In this dynamic review and synthesis of empirical research and theoretical discussion of design as cognitive activity, Willemien Visser reconciles and integrates the classical view of design, as conceptualized by Herbert Simon's symbolic information processing approach, with modern views of design such as the situativity approach, as formulated by Donald Schön. The author goes on to develop her own view on design, in which design is most appropriately characterized as a construction of representations.
The Cognitive Artifacts of Designing takes seriously the idea that design research warrants development in the cognitive sciences, and Visser lays the groundwork for the integration of design research and cognitive science. This seemingly simple framework -- designing is the construction of representations -- has implications that set the stage for this mutually beneficial integration.
This volume will be of great interest to scholars concerned with design -- not only in cognitive design studies, but also in design methodology and engineering -- as well as cognitive scientists who are interested in problem solving in 'the real world.' Cognitive ergonomists and design practitioners will also be richly rewarded by a close reading of this volume.
Table of Contents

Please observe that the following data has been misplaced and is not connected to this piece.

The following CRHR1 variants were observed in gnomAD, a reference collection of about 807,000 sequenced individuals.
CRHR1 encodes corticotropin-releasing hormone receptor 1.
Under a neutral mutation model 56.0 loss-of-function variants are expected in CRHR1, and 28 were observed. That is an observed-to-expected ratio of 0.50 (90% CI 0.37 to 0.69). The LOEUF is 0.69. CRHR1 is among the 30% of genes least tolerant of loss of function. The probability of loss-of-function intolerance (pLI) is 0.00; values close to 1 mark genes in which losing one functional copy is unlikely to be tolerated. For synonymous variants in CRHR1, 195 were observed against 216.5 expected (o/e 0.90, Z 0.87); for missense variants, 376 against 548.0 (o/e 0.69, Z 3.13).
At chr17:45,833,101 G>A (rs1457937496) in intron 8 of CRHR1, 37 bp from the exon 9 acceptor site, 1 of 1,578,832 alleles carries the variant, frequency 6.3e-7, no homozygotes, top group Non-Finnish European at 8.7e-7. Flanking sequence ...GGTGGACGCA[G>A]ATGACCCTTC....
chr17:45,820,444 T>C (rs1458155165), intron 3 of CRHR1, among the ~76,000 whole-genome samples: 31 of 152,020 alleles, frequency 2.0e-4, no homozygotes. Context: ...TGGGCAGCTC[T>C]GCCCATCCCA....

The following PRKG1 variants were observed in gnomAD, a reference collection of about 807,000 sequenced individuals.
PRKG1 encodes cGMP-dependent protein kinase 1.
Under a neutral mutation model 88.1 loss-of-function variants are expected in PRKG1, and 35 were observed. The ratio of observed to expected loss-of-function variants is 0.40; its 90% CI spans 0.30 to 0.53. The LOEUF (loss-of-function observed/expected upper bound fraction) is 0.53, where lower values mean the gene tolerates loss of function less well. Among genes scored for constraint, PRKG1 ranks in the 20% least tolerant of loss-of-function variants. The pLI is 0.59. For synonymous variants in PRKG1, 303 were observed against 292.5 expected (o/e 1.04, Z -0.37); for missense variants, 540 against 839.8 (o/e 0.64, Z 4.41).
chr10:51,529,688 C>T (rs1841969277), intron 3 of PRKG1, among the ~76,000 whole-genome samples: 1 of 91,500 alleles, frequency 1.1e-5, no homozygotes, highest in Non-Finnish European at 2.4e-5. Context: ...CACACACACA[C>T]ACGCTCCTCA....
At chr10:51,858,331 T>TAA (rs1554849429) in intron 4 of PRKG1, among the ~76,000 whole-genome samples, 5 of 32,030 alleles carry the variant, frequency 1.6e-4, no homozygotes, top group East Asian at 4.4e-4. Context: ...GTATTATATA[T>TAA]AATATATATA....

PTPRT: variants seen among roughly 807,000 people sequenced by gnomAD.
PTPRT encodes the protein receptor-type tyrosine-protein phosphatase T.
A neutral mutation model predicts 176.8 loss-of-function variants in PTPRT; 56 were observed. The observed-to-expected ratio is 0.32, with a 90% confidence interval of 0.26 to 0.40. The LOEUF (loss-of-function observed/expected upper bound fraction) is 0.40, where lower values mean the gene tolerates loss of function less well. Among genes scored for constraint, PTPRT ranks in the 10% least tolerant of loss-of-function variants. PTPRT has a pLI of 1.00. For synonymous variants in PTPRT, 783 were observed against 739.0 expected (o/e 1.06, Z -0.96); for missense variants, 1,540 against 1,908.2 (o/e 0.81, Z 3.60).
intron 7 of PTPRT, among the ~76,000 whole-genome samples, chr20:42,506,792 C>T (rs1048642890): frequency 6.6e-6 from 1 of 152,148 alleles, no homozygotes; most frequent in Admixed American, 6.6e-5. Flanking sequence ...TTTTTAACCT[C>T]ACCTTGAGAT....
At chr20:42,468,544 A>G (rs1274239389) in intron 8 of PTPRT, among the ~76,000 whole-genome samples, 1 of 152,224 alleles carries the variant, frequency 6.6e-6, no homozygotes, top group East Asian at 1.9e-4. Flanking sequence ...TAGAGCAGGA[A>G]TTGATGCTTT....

Contents: Foreword. Preface. Part I: Introduction. Focus of This Book. Public Addressed. Some Historical Pointers. Preliminary Terminological Issues. Models of Design. Our Empirical Design Studies at a Glance. Part II: The Classical View on Design. The Symbolic Information Processing (SIP) Approach. Herbert A. Simon. Simon's Framework for Design: The Sciences of the Artificial. Discussion of the Symbolic Information Processing Approach to Design. Part III: Modern Views on Design. The Situativity (SIT) Approach. Situativity and Other Alternatives to the SIP Approach. Early SIT-Inspired Research. Current SIT-Inspired Research. Discussion of the Situativity Approach to Design. Part IV: Confronting Classical and Modern Views on Design. Symbolic Information Processing Versus Situativity Debates in the Literature. Confrontation of the SIP and SIT Approaches. Part V: Design as Construction of Representations. Definition of Design. Representations. Representations at the Source of a Design Project: Requirements and "Design Problems". Intermediate Representations. Representations at the End of a Design Project: Specifications and "Design Solutions". Designing as an Activity: Construction of Representations. Discussion. Part VI: Conclusion. SIP and SIT, Individual and Collective Design. Design Involves More Than Problem Solving. Construction of Representations: Conclusion and Framework for Further Research.